​      These two purses are a fine example of what can manifest from a purse collector's open mind, her passion for lush fringes, and a hour or two of my time experimenting with various fringe embellishments. While not original to these purses in style or color, they are vastly improved -- and their value enhanced -- by NOT replicating the original fringes. 

Two charming bead-knitted purses made with faceted,  size 11 Czech seed beads. ​​The purse on the left required a new silk lining. The red purse, with its unusual band of long twisted fringe at the center of the purse body, needed a few fringe replacements. Luckily, I had an exact match for these 19th century beads.

Many purse restorations require only fringe repair, since this is one of the three most fragile parts of an antique beaded purse. (The other areas are the silk lining, and the areas where the clasp is attached). This expertly made bead-knitted purse was restored with an elaborate, long netting created with tiny, size 28 beads that exactly matched the original beads in the purse. See what looks like a hair at bottom center right of this top photo? That's my beading needle, made from a length of exceptionally fine twisted wire with a collapsable eye.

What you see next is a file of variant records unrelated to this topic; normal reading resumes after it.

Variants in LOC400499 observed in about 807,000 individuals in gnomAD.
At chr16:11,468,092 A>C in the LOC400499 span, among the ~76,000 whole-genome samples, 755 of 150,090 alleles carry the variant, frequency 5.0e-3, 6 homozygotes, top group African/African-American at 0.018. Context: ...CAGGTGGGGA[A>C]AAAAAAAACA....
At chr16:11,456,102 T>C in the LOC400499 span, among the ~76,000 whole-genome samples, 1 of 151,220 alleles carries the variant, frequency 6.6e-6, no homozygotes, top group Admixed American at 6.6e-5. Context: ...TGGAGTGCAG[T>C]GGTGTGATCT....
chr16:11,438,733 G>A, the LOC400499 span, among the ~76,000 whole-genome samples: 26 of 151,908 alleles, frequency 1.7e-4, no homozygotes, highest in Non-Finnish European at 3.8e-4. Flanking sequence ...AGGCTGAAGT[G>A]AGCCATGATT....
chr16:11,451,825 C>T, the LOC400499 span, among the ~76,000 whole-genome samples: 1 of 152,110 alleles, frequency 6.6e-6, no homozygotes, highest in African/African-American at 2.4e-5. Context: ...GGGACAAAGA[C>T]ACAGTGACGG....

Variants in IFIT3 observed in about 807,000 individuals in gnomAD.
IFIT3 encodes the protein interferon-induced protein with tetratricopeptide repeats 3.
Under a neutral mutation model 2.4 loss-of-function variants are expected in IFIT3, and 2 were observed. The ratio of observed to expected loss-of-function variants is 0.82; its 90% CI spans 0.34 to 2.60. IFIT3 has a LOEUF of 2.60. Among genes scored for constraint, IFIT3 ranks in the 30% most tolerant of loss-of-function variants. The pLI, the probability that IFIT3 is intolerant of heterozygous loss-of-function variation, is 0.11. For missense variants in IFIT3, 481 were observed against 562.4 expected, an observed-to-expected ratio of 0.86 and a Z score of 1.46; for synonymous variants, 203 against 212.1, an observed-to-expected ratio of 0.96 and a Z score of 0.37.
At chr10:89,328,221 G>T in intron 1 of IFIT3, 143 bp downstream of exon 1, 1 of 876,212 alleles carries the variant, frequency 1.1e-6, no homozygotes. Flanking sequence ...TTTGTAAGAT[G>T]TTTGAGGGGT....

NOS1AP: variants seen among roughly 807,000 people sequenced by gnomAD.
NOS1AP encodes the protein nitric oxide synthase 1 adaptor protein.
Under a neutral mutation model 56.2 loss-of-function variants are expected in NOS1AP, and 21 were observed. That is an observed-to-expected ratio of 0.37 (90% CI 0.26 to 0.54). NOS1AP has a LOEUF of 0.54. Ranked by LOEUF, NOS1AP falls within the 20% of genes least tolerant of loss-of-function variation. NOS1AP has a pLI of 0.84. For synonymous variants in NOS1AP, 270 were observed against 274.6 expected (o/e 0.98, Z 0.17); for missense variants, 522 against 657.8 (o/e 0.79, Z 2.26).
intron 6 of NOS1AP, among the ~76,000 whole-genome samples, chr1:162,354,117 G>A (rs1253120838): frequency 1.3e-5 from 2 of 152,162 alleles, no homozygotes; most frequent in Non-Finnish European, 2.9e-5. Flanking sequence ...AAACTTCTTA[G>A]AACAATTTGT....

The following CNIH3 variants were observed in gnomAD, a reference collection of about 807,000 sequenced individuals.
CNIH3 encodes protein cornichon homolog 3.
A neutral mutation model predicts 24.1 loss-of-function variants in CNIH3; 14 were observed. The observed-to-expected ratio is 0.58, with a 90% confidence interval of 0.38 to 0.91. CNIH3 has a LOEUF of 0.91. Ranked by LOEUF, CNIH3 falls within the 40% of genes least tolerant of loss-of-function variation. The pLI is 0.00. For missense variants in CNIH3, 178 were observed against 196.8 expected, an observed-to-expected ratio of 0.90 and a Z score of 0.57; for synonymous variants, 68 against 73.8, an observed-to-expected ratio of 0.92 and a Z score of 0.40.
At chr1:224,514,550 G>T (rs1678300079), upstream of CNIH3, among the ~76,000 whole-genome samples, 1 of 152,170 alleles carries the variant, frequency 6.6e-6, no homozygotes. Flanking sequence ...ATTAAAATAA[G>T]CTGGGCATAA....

A restoration in progress. These photos show the damaged netted fringe on an otherwise exceptional bead-knitted purse with jeweled clasp. I have a sizable collection of antique and vintage seed beads to work with. Additional beads such as these are added at cost to the total restoration bill. Total cost in beads for this repair was $18, and used very tiny, very old size 24 glass beads.